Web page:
Lancing multi-agency operation: This is how many vehicles were stopped by police and government agents
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Photos taken in the Beach Green car park on Tuesday morning (November 14) showed multiple police officers, joined by Driving Standards Agency (DVSA) and council staff.
Officers stopped waste carrying vehicles along with Adur and Worthing Councils; West Sussex County Council; the DVSA; Environment Agency and Sussex Roads Police.
The scheme was organised by West Sussex Waste Partnership (WSCC) ‘in order to highlight and reduce the problems’ that fly tipping causes.
An Environment Agency spokesperson said: “Some 40 vans and lorries were stopped in Lancing this week as part of a series of roadside checks by Environment Agency officers aimed at those who handle and transport commercial waste.
“The road stops carried out with other agencies look at the type and amount of waste on board, that drivers have the necessary paperwork and that vehicles are roadworthy.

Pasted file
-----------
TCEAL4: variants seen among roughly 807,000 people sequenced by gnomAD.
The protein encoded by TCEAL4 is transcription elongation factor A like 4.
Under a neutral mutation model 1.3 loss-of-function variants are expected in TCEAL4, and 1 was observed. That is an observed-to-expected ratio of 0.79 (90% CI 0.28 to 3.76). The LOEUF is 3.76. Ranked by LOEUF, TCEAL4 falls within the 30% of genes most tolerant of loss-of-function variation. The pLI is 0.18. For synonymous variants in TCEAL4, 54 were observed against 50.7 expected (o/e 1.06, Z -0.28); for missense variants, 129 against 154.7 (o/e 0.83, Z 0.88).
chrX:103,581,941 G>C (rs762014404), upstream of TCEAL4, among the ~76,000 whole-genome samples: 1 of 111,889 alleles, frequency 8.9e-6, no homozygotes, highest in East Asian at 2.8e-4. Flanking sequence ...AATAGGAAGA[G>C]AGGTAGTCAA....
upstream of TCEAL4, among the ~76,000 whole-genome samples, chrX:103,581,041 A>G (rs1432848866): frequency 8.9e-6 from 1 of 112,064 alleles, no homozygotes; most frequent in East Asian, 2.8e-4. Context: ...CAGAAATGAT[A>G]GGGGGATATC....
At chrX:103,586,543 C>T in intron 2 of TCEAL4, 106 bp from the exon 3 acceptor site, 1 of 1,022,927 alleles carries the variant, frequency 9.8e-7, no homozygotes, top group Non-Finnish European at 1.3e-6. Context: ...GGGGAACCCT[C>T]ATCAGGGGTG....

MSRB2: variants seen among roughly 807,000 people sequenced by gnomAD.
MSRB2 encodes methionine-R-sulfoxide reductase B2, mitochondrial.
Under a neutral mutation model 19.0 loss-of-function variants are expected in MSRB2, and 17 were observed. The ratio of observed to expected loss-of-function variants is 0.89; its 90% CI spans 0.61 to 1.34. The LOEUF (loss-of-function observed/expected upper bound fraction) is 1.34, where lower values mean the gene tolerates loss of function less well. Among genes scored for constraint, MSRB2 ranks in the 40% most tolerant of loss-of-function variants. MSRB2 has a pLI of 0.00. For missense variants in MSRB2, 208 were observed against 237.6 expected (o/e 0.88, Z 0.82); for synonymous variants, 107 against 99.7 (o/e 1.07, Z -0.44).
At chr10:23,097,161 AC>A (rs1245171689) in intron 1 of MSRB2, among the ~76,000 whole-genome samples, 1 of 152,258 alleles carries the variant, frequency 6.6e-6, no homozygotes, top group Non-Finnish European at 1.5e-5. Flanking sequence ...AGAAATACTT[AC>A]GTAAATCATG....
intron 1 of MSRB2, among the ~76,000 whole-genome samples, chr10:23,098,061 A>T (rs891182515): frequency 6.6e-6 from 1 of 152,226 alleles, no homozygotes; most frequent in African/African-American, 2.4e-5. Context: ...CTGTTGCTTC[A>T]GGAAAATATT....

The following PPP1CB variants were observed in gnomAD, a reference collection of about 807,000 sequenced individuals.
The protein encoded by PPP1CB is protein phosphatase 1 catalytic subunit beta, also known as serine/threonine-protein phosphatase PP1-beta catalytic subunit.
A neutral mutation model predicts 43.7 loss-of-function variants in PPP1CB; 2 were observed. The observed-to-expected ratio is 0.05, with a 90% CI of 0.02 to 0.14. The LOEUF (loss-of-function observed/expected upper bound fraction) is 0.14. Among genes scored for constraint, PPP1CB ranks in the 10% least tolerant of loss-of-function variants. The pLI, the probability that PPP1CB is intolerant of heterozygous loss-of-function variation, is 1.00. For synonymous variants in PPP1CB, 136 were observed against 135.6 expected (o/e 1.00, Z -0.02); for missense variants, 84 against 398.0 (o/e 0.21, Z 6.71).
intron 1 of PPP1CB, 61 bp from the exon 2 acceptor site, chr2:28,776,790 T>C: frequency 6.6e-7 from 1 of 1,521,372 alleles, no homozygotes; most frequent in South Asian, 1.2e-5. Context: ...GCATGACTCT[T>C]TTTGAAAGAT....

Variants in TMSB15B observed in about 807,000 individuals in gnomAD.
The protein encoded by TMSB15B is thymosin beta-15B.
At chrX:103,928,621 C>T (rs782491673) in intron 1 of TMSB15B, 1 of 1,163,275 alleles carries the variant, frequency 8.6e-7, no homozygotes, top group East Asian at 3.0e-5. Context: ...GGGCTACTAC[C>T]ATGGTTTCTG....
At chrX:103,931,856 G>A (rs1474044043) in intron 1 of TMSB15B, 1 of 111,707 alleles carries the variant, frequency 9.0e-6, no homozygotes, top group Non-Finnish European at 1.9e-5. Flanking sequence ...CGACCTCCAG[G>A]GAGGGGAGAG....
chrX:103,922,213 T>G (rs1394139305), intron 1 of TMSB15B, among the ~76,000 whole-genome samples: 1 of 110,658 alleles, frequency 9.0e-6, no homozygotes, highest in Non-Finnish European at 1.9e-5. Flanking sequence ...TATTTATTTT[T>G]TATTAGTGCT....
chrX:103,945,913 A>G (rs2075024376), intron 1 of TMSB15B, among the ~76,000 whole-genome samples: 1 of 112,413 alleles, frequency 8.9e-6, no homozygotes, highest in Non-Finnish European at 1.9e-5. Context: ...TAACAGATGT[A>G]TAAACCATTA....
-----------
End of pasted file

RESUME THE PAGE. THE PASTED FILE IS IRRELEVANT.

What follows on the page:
“The Environment Agency is following-up enquiries after six lorries didn’t have a valid waste carriers’ licence.
"Operators must register for one [here] or face the risk of prosecution and the public can search ‘register of waste carriers’ online to check their rubbish is handled legally when taken away.”
Adur & Worthing Councils said it ‘joined forces’ with other agencies to stop and check commercial vehicles ‘potentially carrying waste in order to crack down on fly-tipping’.
"This was one in a series of joint operations that are taking place across the county to make sure that commercial organisations are legally operating and disposing of waste responsibly,” a spokesperson said.
"It follows a similar operation in Shoreham on October 16. Officers from Adur & Worthing Councils’ street cleansing and environmental health teams were carrying out a duty of care role during the operation, engaging with all drivers about whether they carry waste, and advising on how best to responsibly dispose of waste.
"Fly-tipping is an offence that we take very seriously. Not only does it spoil the appearance of our district and borough, but it also poses an environmental risk and costs taxpayers’ money to clear up every year.
"We will continue to work with our partners to protect our local area from fly-tippers, and ensure that businesses are disposing of waste responsibly."